Busycon carica Gmelin, 1791
Second image: egg case.
Bottom image: juvenile whelks from the egg case.
The Knobbed Whelk shell grows with six clockwise twists, or coils. The aperture (opening) of the mollusk is on the right side as you look down at it. This configuration is referred to as dextral. The adult shell may reach a length of 9 inches, and is very sturdy. It is a yellowish-gray color, with a cream or orange interior. The aperture of the shell is big and oval, and the canal is long and wide. There is an oval operculum composed of a horny material. This “door” of the aperture can be drawn in when the snail desires.
The living Knobbed Whelk is a meat-eater. He hunts for shellfish like clams, oysters, mussels, etc. He “pulverizes” a victim by hitting his heavy shell against the prey, then he wedges the edge of his shell between the bivalve halves, and pries the shell apart. Next he inserts his spout-like probiscis into the bivalve and sucks out the soft parts.
The spires of the Knobbed Whelk shell are decorated with knob-like projections. The columellas of this mollusk and the Channeled Whelk were used by early Native Americans as one form of money. They cut the twisted core, or central axis, of the gastropod into elongated trading beads.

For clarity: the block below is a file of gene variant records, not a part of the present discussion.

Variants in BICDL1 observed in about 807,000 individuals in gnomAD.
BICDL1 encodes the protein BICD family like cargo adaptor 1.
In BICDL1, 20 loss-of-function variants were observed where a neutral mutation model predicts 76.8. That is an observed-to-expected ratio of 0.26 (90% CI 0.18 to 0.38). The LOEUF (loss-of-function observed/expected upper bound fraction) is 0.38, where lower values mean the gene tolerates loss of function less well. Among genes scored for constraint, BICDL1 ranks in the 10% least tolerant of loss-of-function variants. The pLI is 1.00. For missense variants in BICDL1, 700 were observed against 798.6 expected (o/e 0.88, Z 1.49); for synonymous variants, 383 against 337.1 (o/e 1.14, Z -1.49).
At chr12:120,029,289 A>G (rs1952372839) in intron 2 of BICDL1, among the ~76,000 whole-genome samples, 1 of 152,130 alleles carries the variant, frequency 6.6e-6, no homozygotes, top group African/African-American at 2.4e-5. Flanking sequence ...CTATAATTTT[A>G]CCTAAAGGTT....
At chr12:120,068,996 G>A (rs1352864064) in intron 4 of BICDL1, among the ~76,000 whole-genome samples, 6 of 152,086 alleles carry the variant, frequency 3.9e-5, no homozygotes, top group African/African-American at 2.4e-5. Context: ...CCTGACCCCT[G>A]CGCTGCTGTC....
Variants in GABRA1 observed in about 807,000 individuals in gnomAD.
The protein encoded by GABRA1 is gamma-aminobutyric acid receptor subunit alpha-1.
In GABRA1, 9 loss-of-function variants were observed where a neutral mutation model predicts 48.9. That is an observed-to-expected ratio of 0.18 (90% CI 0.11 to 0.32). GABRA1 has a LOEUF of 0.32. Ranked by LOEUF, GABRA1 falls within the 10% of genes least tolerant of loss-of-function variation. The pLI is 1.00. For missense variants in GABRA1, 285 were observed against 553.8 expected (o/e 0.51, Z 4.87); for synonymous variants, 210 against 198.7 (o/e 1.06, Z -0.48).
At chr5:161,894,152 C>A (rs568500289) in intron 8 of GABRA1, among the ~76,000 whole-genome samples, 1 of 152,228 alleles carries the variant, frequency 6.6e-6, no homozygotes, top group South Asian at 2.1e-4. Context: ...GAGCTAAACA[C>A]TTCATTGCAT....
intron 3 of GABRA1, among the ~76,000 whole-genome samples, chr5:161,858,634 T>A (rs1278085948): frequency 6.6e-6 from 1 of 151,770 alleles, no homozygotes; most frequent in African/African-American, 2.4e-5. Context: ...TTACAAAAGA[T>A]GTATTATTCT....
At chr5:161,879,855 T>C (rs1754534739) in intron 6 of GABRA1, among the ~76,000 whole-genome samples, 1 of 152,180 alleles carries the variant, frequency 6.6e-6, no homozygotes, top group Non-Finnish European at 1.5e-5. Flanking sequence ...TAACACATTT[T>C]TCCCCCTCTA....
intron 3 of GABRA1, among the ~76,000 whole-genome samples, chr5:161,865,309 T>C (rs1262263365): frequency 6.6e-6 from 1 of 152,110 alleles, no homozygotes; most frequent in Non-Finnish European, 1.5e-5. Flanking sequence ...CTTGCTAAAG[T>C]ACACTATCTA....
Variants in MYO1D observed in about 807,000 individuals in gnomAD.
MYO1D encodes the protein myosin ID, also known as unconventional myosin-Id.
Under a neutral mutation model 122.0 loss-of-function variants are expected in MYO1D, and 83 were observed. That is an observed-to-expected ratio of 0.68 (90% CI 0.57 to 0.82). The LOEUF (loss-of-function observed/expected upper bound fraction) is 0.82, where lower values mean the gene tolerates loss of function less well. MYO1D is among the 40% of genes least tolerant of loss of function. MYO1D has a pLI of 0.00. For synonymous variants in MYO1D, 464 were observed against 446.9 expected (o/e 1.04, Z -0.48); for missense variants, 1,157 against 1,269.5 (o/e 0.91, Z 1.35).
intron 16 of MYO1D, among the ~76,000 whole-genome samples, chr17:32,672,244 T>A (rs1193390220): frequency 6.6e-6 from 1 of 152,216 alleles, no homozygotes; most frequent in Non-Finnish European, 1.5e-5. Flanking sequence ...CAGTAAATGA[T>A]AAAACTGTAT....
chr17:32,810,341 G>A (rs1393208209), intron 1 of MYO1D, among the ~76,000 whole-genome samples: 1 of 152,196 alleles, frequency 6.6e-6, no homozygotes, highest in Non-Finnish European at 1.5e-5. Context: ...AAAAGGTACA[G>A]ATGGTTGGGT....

The meat of the Whelk is quite edible, with a flavor similar to that of clams. It can be used in chowder, and is good in salsa dishes.
The egg cases of the Knobbed Whelk (which are called Venus necklaces) may be found along the beach during the summer. Each small disk of the “necklace” contains a hundred or more eggs, many of which never hatch because they are eaten by just-hatched siblings! Eventually the surviving “babies” eat their way out of the egg case.
The gastropod lives just offshore from Massachusetts to northwest Florida. It is the state shell of New Jersey.